Daisuke Matsuzaka goes 5 scoreless

LAKELAND, Fla. -- Daisuke Matsuzaka said his pitching coach, Curt Young, "advised" him to throw more strikes Tuesday. Well, he got the memo.

Dice-K rescued his spring from the Grapefruit League crisis watch with five two-hit, five-whiff, one-walk shutout innings Tuesday, against the Tigers' "A" lineup. And afterward, his catcher, Jason Varitek, said it all started with the fact that he was able to locate home plate on his radar screen.

"He was able to establish himself today," Varitek said after the Red Sox's 2-1 win over Detroit in 10 innings. "He had a good mix. And it started with location first. And we were able to do different things after that. He was good today."

This was Dice-K's first start since adjusting his between-starts routine so that he wasn't throwing long-toss and bullpen sessions on the same day. And he said afterward that this game went so well, "I want to continue with this [before] my next outing."

But manager Terry Francona downplayed suggestions that the change in routine had a big impact in this start.

"I just think he pitched real well," Francona said. "I think long-term, the change in routine will really help, as far as just keeping arm strength. I don't know that that's going to help him throw strikes. I just think it was a mindset of pounding the strike zone. And he did a really good job today."

Matsuzaka entered this game with an 11.42 ERA and 17 baserunners allowed (12 hits, 5 walks) in 8 2/3 innings over three starts. But he was sharp enough to zip through 1-2-3 innings in three of his five innings Tuesday.

He allowed a ground-ball single to Victor Martinez in the second but escaped that inning easily. And his only trouble came in the fourth, when Magglio Ordonez singled with one out. Martinez then worked a tough two-out walk and a potential three-run Jhonny Peralta homer curled just foul. Jacoby Ellsbury also helped Matsuzaka out by running down a rocket to deep center by Miguel Cabrera. But Dice-K bounced back to get Peralta to tap an inning-ending ground ball to second. And after that, he never allowed another baserunner.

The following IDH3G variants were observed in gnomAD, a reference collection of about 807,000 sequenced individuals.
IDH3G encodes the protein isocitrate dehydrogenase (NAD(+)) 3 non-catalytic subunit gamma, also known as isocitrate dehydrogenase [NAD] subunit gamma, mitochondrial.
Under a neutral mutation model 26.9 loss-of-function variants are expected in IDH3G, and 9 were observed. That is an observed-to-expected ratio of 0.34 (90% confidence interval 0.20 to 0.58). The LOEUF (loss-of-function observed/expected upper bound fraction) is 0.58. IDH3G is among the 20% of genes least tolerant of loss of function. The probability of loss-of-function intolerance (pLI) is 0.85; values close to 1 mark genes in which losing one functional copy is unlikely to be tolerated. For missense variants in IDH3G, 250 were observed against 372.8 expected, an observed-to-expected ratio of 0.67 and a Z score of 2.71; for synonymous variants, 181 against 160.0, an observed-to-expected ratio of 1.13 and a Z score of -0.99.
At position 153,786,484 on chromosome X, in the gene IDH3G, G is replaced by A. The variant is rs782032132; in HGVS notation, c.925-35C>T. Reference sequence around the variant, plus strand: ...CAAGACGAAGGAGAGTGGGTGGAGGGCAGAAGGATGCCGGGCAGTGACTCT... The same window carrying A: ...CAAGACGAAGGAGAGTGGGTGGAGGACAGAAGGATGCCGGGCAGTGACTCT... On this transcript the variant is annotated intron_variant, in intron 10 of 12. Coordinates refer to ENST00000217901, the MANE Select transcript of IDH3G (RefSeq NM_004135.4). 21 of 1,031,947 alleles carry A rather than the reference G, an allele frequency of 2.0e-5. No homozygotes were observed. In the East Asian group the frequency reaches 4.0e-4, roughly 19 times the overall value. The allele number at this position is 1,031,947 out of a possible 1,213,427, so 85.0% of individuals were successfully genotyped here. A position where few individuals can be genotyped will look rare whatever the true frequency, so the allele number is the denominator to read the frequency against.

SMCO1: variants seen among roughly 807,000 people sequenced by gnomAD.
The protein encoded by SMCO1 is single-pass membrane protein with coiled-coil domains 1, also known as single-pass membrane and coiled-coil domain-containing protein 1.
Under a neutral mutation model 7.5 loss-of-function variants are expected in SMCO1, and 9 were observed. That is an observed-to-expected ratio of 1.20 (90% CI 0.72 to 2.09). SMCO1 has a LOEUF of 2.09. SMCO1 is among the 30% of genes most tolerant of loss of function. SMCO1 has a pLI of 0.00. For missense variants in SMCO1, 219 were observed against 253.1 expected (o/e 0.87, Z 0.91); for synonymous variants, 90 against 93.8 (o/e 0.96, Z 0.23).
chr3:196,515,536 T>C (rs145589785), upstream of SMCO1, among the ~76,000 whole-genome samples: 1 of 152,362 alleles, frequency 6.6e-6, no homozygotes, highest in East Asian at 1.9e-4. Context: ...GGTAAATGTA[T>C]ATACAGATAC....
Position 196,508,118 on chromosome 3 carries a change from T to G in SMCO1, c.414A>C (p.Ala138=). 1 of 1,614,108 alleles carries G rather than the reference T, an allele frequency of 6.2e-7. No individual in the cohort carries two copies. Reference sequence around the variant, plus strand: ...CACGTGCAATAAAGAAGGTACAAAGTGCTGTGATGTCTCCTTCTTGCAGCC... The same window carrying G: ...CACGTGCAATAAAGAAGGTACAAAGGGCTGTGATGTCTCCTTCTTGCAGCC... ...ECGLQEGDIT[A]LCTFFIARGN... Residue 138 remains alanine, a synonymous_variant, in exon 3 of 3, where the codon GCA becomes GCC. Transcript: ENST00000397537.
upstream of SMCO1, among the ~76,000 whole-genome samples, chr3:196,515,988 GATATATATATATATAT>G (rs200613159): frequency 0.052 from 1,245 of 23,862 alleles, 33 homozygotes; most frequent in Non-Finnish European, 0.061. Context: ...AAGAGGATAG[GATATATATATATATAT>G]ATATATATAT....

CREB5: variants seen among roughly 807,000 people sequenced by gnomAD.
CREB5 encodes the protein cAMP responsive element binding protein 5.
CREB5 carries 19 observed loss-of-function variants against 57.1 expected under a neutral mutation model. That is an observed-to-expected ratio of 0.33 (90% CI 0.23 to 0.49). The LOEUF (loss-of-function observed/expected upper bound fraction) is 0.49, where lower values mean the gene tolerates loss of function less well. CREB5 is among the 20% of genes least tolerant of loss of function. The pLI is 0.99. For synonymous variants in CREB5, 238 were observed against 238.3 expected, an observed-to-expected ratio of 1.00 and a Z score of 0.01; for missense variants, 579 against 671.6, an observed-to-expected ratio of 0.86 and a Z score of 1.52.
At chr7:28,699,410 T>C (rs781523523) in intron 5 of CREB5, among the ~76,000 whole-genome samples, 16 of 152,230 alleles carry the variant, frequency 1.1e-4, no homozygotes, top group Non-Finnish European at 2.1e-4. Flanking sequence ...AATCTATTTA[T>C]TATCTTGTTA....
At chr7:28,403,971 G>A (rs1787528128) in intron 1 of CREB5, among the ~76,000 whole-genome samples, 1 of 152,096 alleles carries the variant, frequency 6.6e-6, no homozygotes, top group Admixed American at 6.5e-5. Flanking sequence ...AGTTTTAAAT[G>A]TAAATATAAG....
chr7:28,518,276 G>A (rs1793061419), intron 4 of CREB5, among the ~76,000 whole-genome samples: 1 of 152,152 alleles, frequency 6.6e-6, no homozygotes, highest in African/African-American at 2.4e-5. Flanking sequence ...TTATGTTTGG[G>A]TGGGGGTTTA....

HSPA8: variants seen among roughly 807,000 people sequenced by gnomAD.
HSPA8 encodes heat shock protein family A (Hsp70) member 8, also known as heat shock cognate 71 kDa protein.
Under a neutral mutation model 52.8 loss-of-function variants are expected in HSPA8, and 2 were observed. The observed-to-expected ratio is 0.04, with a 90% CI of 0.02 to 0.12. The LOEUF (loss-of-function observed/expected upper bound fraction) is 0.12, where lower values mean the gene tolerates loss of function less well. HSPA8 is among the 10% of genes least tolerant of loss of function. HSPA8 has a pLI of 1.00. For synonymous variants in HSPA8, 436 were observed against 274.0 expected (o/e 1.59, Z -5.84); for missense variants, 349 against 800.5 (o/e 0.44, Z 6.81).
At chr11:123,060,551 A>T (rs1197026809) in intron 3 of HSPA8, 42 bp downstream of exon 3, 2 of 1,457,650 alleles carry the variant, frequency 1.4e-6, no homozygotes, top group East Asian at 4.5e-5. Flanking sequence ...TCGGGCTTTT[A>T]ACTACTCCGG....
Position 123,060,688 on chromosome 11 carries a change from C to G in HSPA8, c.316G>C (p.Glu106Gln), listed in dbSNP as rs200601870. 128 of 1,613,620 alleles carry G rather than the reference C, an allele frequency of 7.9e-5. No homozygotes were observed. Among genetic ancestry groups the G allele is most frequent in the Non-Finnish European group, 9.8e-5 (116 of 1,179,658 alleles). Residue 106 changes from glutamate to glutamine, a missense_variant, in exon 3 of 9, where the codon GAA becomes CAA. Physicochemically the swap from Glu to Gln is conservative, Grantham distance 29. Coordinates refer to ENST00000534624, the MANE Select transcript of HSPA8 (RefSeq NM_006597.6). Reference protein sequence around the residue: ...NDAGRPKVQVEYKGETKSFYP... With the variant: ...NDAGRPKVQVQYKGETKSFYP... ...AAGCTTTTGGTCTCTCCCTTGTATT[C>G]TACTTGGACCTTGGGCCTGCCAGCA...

He threw nearly all fastballs over the first three innings, touching 93 mph on the gun, then mixed in the rest of his repertoire in his last turn through the order.

"He didn't throw a breaking ball 'til like the third or fourth inning," Varitek said. "But as that game went on, he got a good feel for his breaking ball, better feel of his cutter, started locating his fastball, threw a couple of good changeups in that last inning. I think it was probably a feel-good [day] for him. You've got to feel good when the ball comes out of your hand like that."

In fact, though, it wasn't just Dice-K who needed that feel-good day. It was all the people around him who badly needed to see a game like this.

"He's one of our pitchers," Varitek said. "And we want him to succeed. To see him go out there and the game's clean, the game's moving along, I mean, everybody needs nuggets once in a while. And that was a good nugget for him today."

Jayson Stark is a senior baseball writer for ESPN.com.